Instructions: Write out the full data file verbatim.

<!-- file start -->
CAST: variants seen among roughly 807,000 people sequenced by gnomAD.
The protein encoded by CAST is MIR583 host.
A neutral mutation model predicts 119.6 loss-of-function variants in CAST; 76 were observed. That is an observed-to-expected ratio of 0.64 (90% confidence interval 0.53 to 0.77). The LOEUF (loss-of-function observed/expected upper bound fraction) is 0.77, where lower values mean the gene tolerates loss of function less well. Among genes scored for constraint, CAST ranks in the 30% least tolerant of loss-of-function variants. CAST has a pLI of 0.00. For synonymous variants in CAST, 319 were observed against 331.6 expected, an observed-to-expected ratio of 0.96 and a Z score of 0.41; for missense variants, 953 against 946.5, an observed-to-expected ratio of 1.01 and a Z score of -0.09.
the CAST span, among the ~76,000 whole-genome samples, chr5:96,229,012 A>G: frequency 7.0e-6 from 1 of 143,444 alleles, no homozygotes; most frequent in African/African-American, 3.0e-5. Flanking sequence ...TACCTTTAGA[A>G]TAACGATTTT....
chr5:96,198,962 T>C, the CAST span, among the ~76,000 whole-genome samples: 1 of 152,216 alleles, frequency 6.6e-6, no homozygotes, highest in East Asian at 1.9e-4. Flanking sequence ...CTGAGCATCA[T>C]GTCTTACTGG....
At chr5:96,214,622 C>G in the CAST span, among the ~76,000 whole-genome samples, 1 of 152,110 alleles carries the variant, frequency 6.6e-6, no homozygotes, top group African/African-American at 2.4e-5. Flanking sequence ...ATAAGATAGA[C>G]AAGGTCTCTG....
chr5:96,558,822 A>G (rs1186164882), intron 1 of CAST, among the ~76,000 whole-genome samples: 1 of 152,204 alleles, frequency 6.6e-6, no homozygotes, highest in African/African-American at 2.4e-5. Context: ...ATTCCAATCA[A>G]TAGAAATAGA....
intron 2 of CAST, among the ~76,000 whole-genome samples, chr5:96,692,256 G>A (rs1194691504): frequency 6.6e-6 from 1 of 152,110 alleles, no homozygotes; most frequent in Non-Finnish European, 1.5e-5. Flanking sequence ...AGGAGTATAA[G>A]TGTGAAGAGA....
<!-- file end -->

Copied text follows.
CAST: variants seen among roughly 807,000 people sequenced by gnomAD.
The protein encoded by CAST is MIR583 host.
A neutral mutation model predicts 119.6 loss-of-function variants in CAST; 76 were observed. That is an observed-to-expected ratio of 0.64 (90% confidence interval 0.53 to 0.77). The LOEUF (loss-of-function observed/expected upper bound fraction) is 0.77, where lower values mean the gene tolerates loss of function less well. Among genes scored for constraint, CAST ranks in the 30% least tolerant of loss-of-function variants. CAST has a pLI of 0.00. For synonymous variants in CAST, 319 were observed against 331.6 expected, an observed-to-expected ratio of 0.96 and a Z score of 0.41; for missense variants, 953 against 946.5, an observed-to-expected ratio of 1.01 and a Z score of -0.09.
the CAST span, among the ~76,000 whole-genome samples, chr5:96,229,012 A>G: frequency 7.0e-6 from 1 of 143,444 alleles, no homozygotes; most frequent in African/African-American, 3.0e-5. Flanking sequence ...TACCTTTAGA[A>G]TAACGATTTT....
chr5:96,198,962 T>C, the CAST span, among the ~76,000 whole-genome samples: 1 of 152,216 alleles, frequency 6.6e-6, no homozygotes, highest in East Asian at 1.9e-4. Flanking sequence ...CTGAGCATCA[T>C]GTCTTACTGG....
At chr5:96,214,622 C>G in the CAST span, among the ~76,000 whole-genome samples, 1 of 152,110 alleles carries the variant, frequency 6.6e-6, no homozygotes, top group African/African-American at 2.4e-5. Flanking sequence ...ATAAGATAGA[C>G]AAGGTCTCTG....
chr5:96,558,822 A>G (rs1186164882), intron 1 of CAST, among the ~76,000 whole-genome samples: 1 of 152,204 alleles, frequency 6.6e-6, no homozygotes, highest in African/African-American at 2.4e-5. Context: ...ATTCCAATCA[A>G]TAGAAATAGA....
intron 2 of CAST, among the ~76,000 whole-genome samples, chr5:96,692,256 G>A (rs1194691504): frequency 6.6e-6 from 1 of 152,110 alleles, no homozygotes; most frequent in Non-Finnish European, 1.5e-5. Flanking sequence ...AGGAGTATAA[G>A]TGTGAAGAGA....